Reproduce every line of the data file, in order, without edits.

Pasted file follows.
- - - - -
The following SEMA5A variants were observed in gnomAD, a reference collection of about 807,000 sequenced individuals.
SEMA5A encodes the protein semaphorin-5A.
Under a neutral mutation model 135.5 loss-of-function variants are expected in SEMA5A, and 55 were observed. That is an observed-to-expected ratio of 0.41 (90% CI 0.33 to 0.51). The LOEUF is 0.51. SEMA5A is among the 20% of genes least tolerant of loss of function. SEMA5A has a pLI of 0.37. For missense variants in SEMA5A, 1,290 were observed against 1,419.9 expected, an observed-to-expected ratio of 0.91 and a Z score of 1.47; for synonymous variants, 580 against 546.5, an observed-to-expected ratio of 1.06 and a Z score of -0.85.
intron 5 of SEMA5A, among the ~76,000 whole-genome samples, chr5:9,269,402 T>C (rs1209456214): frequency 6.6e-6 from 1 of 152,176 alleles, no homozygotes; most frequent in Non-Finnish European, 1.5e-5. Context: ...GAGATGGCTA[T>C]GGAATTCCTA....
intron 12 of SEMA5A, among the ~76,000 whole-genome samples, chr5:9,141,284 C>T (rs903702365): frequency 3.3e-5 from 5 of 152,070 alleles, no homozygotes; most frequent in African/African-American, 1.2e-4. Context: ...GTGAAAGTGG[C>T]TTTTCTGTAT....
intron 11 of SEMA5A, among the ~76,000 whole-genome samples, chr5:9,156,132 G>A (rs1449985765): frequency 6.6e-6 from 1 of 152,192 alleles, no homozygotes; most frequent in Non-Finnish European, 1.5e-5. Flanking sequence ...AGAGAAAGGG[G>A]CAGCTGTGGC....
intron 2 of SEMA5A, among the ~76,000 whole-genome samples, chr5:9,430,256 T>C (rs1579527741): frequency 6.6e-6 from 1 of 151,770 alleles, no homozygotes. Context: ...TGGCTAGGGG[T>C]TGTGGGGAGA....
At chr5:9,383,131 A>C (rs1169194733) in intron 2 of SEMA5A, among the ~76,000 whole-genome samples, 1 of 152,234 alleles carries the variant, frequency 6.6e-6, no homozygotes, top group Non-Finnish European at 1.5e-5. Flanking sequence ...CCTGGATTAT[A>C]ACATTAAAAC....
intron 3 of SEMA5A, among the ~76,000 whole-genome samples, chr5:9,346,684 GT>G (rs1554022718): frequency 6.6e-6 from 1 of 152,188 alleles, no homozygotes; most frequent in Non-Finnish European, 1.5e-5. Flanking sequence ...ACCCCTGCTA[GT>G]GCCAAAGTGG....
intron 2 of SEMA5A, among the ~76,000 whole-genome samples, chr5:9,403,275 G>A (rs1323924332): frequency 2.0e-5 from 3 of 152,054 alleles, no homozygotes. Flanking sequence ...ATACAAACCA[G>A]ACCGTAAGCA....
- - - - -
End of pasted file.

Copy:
The following SEMA5A variants were observed in gnomAD, a reference collection of about 807,000 sequenced individuals.
SEMA5A encodes the protein semaphorin-5A.
Under a neutral mutation model 135.5 loss-of-function variants are expected in SEMA5A, and 55 were observed. That is an observed-to-expected ratio of 0.41 (90% CI 0.33 to 0.51). The LOEUF is 0.51. SEMA5A is among the 20% of genes least tolerant of loss of function. SEMA5A has a pLI of 0.37. For missense variants in SEMA5A, 1,290 were observed against 1,419.9 expected, an observed-to-expected ratio of 0.91 and a Z score of 1.47; for synonymous variants, 580 against 546.5, an observed-to-expected ratio of 1.06 and a Z score of -0.85.
intron 5 of SEMA5A, among the ~76,000 whole-genome samples, chr5:9,269,402 T>C (rs1209456214): frequency 6.6e-6 from 1 of 152,176 alleles, no homozygotes; most frequent in Non-Finnish European, 1.5e-5. Context: ...GAGATGGCTA[T>C]GGAATTCCTA....
intron 12 of SEMA5A, among the ~76,000 whole-genome samples, chr5:9,141,284 C>T (rs903702365): frequency 3.3e-5 from 5 of 152,070 alleles, no homozygotes; most frequent in African/African-American, 1.2e-4. Context: ...GTGAAAGTGG[C>T]TTTTCTGTAT....
intron 11 of SEMA5A, among the ~76,000 whole-genome samples, chr5:9,156,132 G>A (rs1449985765): frequency 6.6e-6 from 1 of 152,192 alleles, no homozygotes; most frequent in Non-Finnish European, 1.5e-5. Flanking sequence ...AGAGAAAGGG[G>A]CAGCTGTGGC....
intron 2 of SEMA5A, among the ~76,000 whole-genome samples, chr5:9,430,256 T>C (rs1579527741): frequency 6.6e-6 from 1 of 151,770 alleles, no homozygotes. Context: ...TGGCTAGGGG[T>C]TGTGGGGAGA....
At chr5:9,383,131 A>C (rs1169194733) in intron 2 of SEMA5A, among the ~76,000 whole-genome samples, 1 of 152,234 alleles carries the variant, frequency 6.6e-6, no homozygotes, top group Non-Finnish European at 1.5e-5. Flanking sequence ...CCTGGATTAT[A>C]ACATTAAAAC....
intron 3 of SEMA5A, among the ~76,000 whole-genome samples, chr5:9,346,684 GT>G (rs1554022718): frequency 6.6e-6 from 1 of 152,188 alleles, no homozygotes; most frequent in Non-Finnish European, 1.5e-5. Flanking sequence ...ACCCCTGCTA[GT>G]GCCAAAGTGG....
intron 2 of SEMA5A, among the ~76,000 whole-genome samples, chr5:9,403,275 G>A (rs1323924332): frequency 2.0e-5 from 3 of 152,054 alleles, no homozygotes. Flanking sequence ...ATACAAACCA[G>A]ACCGTAAGCA....